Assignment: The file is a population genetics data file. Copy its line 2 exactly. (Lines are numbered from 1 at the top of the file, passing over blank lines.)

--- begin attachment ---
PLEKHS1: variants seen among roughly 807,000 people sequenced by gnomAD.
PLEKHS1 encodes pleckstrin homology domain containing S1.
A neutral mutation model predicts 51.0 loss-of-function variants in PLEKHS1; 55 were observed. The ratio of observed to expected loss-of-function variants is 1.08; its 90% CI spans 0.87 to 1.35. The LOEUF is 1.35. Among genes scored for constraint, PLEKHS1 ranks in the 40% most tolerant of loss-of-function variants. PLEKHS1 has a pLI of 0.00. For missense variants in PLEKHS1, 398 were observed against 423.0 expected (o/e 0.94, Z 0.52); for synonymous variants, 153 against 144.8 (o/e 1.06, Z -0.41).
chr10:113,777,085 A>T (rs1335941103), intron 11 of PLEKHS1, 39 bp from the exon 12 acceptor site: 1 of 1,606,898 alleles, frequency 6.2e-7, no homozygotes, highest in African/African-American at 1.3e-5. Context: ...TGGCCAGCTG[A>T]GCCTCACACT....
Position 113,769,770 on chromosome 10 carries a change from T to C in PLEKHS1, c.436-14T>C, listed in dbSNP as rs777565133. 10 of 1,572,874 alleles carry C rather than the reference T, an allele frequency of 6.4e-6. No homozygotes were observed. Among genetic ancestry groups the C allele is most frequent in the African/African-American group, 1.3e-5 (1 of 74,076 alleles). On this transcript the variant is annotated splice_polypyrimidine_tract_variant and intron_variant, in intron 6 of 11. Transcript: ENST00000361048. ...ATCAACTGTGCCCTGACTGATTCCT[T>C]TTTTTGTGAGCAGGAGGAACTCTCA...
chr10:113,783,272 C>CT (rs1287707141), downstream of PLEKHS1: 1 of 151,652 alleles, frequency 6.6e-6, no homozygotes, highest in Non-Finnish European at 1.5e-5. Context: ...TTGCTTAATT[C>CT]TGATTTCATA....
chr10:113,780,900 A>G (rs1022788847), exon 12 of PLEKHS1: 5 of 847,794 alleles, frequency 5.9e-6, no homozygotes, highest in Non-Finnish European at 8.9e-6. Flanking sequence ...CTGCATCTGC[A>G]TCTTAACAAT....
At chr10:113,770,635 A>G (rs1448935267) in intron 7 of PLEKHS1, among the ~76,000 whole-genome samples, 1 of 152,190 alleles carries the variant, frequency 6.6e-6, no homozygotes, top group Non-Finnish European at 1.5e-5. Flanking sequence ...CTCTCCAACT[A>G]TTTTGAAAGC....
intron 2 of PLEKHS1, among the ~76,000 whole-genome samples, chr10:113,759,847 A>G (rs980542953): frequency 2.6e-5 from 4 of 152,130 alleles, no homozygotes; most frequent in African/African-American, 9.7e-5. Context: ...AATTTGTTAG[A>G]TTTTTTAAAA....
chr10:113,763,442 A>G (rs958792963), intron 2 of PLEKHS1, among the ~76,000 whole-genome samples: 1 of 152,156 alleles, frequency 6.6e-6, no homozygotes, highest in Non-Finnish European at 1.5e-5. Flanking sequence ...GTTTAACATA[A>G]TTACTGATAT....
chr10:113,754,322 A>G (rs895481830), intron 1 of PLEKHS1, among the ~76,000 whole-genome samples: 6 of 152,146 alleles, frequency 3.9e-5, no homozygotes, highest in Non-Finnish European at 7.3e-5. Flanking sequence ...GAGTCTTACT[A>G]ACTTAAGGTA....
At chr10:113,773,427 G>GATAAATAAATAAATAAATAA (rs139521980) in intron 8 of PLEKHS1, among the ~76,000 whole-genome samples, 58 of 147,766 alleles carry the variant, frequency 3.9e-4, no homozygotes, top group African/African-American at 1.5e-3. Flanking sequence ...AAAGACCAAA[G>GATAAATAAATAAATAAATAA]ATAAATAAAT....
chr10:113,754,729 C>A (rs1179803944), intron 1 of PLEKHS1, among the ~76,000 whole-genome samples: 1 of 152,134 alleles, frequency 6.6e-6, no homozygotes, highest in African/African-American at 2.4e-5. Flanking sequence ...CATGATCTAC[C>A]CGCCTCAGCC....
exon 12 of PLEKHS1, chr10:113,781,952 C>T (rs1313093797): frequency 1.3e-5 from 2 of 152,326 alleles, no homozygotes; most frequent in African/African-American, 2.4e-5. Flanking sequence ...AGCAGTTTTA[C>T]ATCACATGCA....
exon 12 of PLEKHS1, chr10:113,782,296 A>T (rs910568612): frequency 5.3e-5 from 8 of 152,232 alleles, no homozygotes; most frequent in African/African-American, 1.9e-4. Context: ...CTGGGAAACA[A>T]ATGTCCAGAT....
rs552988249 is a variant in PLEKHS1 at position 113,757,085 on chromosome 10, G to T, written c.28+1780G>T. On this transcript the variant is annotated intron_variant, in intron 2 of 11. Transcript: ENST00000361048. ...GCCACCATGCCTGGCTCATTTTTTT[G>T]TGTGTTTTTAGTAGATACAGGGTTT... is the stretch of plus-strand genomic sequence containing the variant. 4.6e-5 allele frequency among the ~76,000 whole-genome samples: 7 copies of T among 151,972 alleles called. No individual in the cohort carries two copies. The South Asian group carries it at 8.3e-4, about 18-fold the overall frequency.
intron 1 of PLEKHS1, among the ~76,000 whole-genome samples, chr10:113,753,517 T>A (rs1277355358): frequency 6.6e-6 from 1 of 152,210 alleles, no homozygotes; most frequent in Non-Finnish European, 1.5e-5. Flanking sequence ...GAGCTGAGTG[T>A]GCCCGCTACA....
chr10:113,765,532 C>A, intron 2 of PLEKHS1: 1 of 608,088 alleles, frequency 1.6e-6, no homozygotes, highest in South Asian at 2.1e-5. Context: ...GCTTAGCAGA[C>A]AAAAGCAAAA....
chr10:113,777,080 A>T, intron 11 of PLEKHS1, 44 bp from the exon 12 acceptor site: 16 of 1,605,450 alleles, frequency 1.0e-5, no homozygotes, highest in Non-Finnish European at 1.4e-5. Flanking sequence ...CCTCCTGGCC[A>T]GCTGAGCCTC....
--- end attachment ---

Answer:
PLEKHS1 encodes pleckstrin homology domain containing S1.